The yews of Esragan

An old Gaelic poem reads:
“Bow of yew from Esragin (sic)
Eagle feather from Loch Treig
Yellow wax from Galway Town
And arrow-head made by Mac Phederan”
A copy of this poem is in Blarcreen House, a late Victorian mansion house at Inveresragan near Ardchattan in Argyll. In a paddock north of the house stands a considerably storm damaged male yew however, despite its battered appearance, there is plenty of healthy foliage in the regenerating canopy as seen in the eastern side. Access to the site is strictly by arranging prior permission from the residents of the property.
This yew is believed to be the last survivor of the ancient yews of Esragan, and as the poem shows, from an area long celebrated as a centre of excellence for medieval longbow manufacturing. For more information about the longbow in the history of Scotland please see…/the-tree-of-the-bow/
The yew at easragan

The trunk of the yew divides into two stems at 50 cm high and both are a mixture of exposed decaying sapwood and fluted bark. The smaller stem is hollowed at the base. The yew was fenced off about ten years ago by the current occupiers of the house to protect ponies and horses from grazing on it as the yew is mortally toxic to them. Consequently a dense extent of brambles and nettles and other plants have established themselves around the base of the yew making a full girth measurement impossible at present. The fencing is now no longer needed, and the area will be gradually cleared to the base of the trunk in the coming months. After clearing away some of the undergrowth only a partial girth measure of 290 cm was possible at the time of the visit and was taken at 50 cm high below the bifurcation. This approximates to 50% of the girth and suggests the full girth at 50 cm high is 500 – 600 cm or slightly more.

Yews on Inchlonaig, an island in Loch Lomond subject to wet, exposed, rainforest climatic conditions similar to Esragan, are known to have girths of 500 cm (measured at 50 – 150 cm high) and are 700 years old. They were planted in the early 14th century on the orders of King Robert the Bruce to replace those he had harvested to make longbows for use at Bannockburn. When the king harvested yews upon the lands of Ardchattan priory for the same purpose 700 years ago, this happened in Esragan, which is still on the priory’s lands. No doubt his harvest probably included yews which may well have been ancient or exceptional at that time. Unlike his replanting programme on Inchlonaig, there is no evidence he did the same to any extent at Esragan.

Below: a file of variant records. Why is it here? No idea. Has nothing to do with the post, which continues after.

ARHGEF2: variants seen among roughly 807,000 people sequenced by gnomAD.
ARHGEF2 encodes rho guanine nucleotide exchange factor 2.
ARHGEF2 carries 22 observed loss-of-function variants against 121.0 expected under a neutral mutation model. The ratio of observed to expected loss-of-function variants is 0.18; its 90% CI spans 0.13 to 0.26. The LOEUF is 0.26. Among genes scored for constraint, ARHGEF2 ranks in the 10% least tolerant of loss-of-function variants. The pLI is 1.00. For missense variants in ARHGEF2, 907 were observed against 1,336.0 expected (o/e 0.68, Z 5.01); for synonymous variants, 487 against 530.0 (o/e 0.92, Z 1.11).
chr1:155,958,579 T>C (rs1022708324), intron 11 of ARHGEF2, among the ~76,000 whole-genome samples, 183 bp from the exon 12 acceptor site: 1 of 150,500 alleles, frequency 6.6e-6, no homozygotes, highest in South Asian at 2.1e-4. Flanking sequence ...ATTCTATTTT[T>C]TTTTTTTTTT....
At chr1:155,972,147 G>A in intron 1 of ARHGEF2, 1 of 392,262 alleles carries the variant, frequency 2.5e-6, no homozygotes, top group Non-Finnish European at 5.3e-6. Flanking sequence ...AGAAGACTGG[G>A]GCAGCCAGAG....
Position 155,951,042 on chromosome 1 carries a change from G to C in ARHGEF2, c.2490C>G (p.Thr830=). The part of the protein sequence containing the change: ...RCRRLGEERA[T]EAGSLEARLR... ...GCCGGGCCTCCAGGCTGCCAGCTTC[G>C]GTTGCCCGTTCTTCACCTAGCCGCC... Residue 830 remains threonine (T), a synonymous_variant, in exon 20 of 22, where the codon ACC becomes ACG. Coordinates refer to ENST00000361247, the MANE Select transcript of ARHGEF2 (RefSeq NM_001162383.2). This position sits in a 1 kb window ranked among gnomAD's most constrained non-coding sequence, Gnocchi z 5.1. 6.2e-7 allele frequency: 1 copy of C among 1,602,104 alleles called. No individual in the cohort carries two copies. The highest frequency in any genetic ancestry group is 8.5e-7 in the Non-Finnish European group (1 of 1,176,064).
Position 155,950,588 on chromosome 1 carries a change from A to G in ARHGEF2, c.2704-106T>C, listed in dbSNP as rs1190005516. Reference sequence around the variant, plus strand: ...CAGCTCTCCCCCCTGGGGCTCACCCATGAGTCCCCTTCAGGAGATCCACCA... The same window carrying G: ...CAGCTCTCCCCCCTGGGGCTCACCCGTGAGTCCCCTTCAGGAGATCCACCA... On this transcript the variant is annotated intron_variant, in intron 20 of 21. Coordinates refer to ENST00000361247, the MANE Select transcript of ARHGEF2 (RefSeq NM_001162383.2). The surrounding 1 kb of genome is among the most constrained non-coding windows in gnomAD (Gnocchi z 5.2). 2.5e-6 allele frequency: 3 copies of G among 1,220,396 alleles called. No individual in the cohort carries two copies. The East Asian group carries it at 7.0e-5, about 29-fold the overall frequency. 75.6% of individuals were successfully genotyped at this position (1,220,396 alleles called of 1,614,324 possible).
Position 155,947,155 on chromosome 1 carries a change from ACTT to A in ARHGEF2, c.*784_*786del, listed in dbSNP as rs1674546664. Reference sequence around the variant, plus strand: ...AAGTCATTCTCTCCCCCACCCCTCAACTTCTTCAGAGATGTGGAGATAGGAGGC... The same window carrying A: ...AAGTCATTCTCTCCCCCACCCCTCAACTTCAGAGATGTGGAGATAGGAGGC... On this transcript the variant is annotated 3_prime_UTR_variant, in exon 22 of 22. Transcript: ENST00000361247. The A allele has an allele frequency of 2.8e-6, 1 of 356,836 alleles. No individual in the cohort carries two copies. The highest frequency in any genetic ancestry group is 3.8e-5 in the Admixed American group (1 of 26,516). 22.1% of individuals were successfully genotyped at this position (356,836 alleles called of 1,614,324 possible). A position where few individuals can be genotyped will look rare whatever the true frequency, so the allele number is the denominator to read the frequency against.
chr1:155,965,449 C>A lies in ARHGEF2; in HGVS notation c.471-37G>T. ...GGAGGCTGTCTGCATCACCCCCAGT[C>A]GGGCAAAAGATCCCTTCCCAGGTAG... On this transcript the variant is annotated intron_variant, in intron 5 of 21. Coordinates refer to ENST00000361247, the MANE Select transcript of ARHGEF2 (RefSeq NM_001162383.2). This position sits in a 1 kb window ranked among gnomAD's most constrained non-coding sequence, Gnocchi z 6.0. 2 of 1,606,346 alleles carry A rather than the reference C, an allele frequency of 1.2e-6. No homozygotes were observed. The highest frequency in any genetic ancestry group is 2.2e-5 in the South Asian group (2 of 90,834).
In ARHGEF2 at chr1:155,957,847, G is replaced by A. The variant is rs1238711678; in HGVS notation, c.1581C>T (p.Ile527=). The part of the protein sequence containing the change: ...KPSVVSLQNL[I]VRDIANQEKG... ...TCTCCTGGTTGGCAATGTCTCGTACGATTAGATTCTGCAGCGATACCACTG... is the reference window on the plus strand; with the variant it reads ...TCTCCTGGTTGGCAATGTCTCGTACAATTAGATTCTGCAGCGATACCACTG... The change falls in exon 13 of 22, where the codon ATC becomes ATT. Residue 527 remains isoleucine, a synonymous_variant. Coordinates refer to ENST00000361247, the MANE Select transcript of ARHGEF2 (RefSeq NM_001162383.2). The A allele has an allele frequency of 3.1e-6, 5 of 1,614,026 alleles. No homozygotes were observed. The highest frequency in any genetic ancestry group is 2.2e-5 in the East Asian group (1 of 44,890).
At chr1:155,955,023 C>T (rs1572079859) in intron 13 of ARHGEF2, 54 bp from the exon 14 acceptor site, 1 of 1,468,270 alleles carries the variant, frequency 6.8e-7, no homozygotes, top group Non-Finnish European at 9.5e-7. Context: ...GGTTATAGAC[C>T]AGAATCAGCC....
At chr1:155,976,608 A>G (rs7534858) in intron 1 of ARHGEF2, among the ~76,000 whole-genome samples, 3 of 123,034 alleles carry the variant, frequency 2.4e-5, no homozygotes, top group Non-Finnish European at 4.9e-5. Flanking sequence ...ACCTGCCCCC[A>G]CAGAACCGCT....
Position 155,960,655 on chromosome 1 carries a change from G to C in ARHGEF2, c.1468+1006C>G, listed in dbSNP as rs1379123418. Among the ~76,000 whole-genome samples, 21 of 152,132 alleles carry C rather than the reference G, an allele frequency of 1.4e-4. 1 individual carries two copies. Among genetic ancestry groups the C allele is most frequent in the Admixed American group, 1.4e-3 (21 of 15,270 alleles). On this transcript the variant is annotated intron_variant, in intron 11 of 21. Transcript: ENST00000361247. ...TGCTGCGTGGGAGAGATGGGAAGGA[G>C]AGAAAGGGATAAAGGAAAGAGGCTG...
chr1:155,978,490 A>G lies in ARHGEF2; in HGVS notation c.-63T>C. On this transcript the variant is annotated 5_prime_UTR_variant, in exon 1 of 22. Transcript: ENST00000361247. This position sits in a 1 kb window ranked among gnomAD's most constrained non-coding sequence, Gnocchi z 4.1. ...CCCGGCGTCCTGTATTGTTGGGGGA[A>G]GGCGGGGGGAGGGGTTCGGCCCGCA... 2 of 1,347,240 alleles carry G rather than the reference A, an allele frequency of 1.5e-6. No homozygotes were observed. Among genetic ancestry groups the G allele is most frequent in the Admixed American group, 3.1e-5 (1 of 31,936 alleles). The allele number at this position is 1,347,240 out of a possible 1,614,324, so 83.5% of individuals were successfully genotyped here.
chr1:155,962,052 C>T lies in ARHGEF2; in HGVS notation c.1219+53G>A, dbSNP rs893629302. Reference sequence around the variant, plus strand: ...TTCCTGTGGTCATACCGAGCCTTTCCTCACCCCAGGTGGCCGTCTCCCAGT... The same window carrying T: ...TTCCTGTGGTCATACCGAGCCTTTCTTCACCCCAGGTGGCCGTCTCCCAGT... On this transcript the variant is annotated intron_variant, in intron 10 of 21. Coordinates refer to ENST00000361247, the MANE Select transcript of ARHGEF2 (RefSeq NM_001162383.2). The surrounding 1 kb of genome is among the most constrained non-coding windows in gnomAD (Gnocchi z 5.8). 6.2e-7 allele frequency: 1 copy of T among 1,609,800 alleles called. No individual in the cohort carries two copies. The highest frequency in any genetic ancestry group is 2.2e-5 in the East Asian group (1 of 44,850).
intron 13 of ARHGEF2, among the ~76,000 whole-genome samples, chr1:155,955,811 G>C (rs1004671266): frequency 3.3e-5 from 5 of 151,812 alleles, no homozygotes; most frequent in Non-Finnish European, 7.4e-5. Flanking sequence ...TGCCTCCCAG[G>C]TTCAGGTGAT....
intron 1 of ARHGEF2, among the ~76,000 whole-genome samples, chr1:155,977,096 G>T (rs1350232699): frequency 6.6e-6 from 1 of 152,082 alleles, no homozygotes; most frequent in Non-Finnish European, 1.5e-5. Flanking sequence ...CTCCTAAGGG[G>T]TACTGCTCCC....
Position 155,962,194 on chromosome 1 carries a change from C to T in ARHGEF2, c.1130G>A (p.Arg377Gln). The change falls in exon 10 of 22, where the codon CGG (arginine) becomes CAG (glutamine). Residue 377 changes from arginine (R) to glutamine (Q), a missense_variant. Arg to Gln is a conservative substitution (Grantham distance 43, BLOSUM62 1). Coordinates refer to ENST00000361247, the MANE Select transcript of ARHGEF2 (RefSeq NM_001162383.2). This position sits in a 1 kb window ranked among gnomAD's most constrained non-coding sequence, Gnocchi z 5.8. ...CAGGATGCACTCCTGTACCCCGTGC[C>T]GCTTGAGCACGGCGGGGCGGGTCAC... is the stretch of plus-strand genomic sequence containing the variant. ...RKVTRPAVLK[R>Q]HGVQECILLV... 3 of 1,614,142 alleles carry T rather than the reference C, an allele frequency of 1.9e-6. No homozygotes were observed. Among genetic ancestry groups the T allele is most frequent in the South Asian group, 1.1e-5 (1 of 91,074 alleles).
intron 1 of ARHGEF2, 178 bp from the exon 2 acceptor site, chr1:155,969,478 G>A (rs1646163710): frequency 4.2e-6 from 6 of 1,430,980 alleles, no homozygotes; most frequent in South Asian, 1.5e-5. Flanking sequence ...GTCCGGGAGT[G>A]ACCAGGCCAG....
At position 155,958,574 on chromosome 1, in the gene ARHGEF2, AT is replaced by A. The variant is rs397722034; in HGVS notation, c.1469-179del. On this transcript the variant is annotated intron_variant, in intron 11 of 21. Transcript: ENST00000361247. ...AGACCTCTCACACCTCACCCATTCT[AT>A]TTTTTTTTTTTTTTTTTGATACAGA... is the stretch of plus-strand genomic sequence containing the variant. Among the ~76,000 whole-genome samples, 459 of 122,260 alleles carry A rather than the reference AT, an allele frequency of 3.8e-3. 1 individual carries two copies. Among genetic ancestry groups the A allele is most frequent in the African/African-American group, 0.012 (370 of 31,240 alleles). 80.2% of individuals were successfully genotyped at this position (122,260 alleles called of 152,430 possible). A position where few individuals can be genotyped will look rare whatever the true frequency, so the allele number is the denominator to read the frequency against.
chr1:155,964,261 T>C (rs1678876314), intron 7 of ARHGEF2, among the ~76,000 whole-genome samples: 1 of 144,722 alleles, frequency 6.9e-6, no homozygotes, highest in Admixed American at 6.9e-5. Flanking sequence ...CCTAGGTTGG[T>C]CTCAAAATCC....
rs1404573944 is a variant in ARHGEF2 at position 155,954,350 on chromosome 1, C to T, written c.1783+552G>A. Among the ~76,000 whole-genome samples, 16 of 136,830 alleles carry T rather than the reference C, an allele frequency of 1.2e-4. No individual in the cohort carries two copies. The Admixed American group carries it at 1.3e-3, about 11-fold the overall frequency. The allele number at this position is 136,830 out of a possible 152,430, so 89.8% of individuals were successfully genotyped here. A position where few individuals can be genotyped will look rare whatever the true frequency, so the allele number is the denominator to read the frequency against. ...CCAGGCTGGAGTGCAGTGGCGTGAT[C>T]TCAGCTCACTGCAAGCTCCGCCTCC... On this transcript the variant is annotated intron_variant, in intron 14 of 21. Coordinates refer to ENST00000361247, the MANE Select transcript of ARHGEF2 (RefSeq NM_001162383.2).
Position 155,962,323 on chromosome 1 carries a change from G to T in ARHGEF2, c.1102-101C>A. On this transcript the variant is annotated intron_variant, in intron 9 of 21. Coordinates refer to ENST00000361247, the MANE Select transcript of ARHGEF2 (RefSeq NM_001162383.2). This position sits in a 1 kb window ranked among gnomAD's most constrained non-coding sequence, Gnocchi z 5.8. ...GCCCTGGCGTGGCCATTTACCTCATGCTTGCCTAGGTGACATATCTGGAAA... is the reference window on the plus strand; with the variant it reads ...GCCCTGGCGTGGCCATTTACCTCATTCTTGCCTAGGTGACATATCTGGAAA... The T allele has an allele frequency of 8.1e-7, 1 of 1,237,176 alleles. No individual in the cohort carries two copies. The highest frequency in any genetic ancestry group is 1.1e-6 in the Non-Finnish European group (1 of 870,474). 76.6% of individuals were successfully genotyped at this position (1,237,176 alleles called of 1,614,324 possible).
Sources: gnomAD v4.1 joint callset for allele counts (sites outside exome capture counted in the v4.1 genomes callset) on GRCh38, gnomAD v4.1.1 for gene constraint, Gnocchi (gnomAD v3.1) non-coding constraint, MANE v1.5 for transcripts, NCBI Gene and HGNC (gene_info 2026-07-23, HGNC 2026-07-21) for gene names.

Thanks to the generosity of the residents a sample of yew wood was obtained from a branch which had been badly damaged in a storm around five years ago and was removed to preserve the further stability of the yew and been stored under the yew ever since. It had not seasoned and was damp when sampled revealing interesting fungal growth patterns which may have affected the structural integrity of the branch enough to cause it to fail the way it did.
Investigation of the branch by Toby Hindson of the Ancient Yew Group found:
“This is, as far as I can tell, the first Scottish West coast yew ever to be analysed using dendro [chronology]. It’s the most northerly for sure….250+ rings…is a pretty good sign of a very old yew. The branch grew to the sampling point in the latter half of the 1700s….taking onto account the sample point the yew itself is certain to date to earlier than 1650.”
The yew at Easragan

An origin pre-1650 would confirm this yew is older than the largest girth yew recorded at Ardchattan priory (300cm @ 150 cm high) and is indeed the oldest so far found remaining in the Esragan area and outside the grounds of the priory. It is, as local traditions claim, the last known survivor of the celebrated yew population of the ‘Esragan’ area.

How old it is exactly is not known at present but what is known is that there has been some type of dwelling here on this site for at least 400 years meaning the yew is likely to be ancient, i.e. over 400 years old. For more information on SYTHI’s age categorisation of yew trees, please see…/how-old-is-that-yew…/
We will never know how many yews there were at Esragan area before longbow manufacturing began and took its toll but there must have been very many for the area to have become what it did. If King Robert’s harvest in Easragan just over 700 years ago was anything like the one on Inchlonaig it implies hundreds of yews were felled, decimating a population which seemingly never recovered and was certainly never replaced. A population of yew which played a crucial part in contributing to the victory at Bannockburn because Scottish archers armed with the best quality yew longbows were so crucial in achieving that victory.
Therefore this yew at Blarcreen House indeed stands as a living testament – and a unique monument – to the ancient yew population which once graced Easragan and made it famous and celebrated in the history, culture and poetry of Scotland.
With grateful thanks to Sian and Garry Davies formerly of Blarcreen House for all their enthusiasm, information, assistance and generosity.